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Fresh osteochondral allograft

Raffy Mirzayan, Michael J Lim
BACKGROUND: Osteochondritis dissecans (OCD) of the capitellum is a rare yet debilitating injury seen in young athletes. This is the first report in the literature describing fresh osteochondral allograft transplantation (FOCAT) to treat OCD of the capitellum. METHODS: Nine male baseball players (mean age, 15.3; range, 14-18 years), with OCD of the capitellum were treated with FOCAT. There were 6 pitchers and 3 position players. A ligament-sparing, mini-open approach was used...
November 2016: Journal of Shoulder and Elbow Surgery
Justin D Orr, John C Dunn, Kenneth A Heida, Nicholas A Kusnezov, Brian R Waterman, Philip J Belmont
INTRODUCTION: Structural fresh osteochondral allograft transfer is an appropriate treatment option for large osteochondral lesions of the talus (OLTs), specifically lesions involving the shoulder of the talus. Sparse literature exists regarding functional outcome following this surgery in high-demand populations. MATERIALS AND METHODS: Over a 2-year period, a single surgeon performed 8 structural allograft transfers for treatment of large OLTs in an active duty US military population...
September 13, 2016: Foot & Ankle Specialist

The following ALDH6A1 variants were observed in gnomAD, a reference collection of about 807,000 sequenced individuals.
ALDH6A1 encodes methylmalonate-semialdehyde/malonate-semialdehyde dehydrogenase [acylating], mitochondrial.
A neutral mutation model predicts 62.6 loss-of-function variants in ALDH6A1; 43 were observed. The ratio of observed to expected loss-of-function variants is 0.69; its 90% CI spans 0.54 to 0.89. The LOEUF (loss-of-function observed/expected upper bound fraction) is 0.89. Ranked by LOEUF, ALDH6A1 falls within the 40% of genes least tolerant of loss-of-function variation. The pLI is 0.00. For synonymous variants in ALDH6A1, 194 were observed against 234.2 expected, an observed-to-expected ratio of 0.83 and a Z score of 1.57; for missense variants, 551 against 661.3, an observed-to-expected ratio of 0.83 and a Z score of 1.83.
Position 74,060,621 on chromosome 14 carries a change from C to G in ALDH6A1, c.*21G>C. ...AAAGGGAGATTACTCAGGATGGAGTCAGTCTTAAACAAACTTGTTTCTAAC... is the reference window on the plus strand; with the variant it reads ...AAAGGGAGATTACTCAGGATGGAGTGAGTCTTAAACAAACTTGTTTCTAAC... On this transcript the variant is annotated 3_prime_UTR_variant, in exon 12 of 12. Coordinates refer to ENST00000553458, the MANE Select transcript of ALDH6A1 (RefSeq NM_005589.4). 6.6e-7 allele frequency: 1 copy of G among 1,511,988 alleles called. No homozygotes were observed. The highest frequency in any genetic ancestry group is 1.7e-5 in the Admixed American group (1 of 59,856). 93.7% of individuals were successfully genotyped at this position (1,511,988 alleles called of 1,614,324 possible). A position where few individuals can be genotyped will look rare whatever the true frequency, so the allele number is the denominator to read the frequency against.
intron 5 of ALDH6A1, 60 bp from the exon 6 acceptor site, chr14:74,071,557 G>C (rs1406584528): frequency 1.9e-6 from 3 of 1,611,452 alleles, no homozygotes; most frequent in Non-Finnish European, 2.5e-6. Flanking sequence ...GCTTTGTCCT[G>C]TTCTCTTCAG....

Richard J VanTienderen, John C Dunn, Nicholas Kusnezov, Justin D Orr
PURPOSE: The purpose of this study is to present a systematic review of the literature regarding the use of fresh bulk osteochondral allograft transfer for treatment of large osteochondral lesions of the talus (OCLT) in an effort to characterize the functional outcomes, complications, and reoperation rates. METHODS: A search of the PubMed, CINAHL, Embase, and Cochrane Databases was performed between January 1, 1990, and March 1, 2016, and included all articles related to outcomes after fresh talar allograft transplantation for OCLT...
August 18, 2016: Arthroscopy: the Journal of Arthroscopic & related Surgery
Kamran N Sadr, Pamela A Pulido, Julie C McCauley, William D Bugbee
BACKGROUND: Osteochondritis dissecans (OCD) of the knee can be difficult to treat. Cartilage restoration techniques are often indicated when the lesion or fragment cannot be salvaged and the patient remains symptomatic. Fresh osteochondral allograft (OCA) transplantation can restore both bone and cartilage defects characteristic of OCD. HYPOTHESIS: We hypothesized that osteochondral allografting is a successful method for treating OCD of the knee. STUDY DESIGN: Case series; Level of evidence, 4...
August 5, 2016: American Journal of Sports Medicine
Luís Eduardo Passarelli Tírico, Marco Kawamura Demange, Luiz Augusto Ubirajara Santos, Márcia Uchoa de Rezende, Camilo Partezani Helito, Riccardo Gomes Gobbi, José Ricardo Pécora, Alberto Tesconi Croci, William Dick Bugbee
OBJECTIVE: To standardize and to develop a fresh osteochondral allograft protocol of procurement, processing and surgical utilization in Brazil. This study describes the steps recommended to make fresh osteochondral allografts a viable treatment option in a country without previous fresh allograft availability. DESIGN: The process involves regulatory process modification, developing and establishing procurement, and processing and surgical protocols. RESULTS: Legislation: Fresh osteochondral allografts were not feasible in Brazil until 2009 because the law prohibited preservation of fresh grafts at tissue banks...
July 2016: Cartilage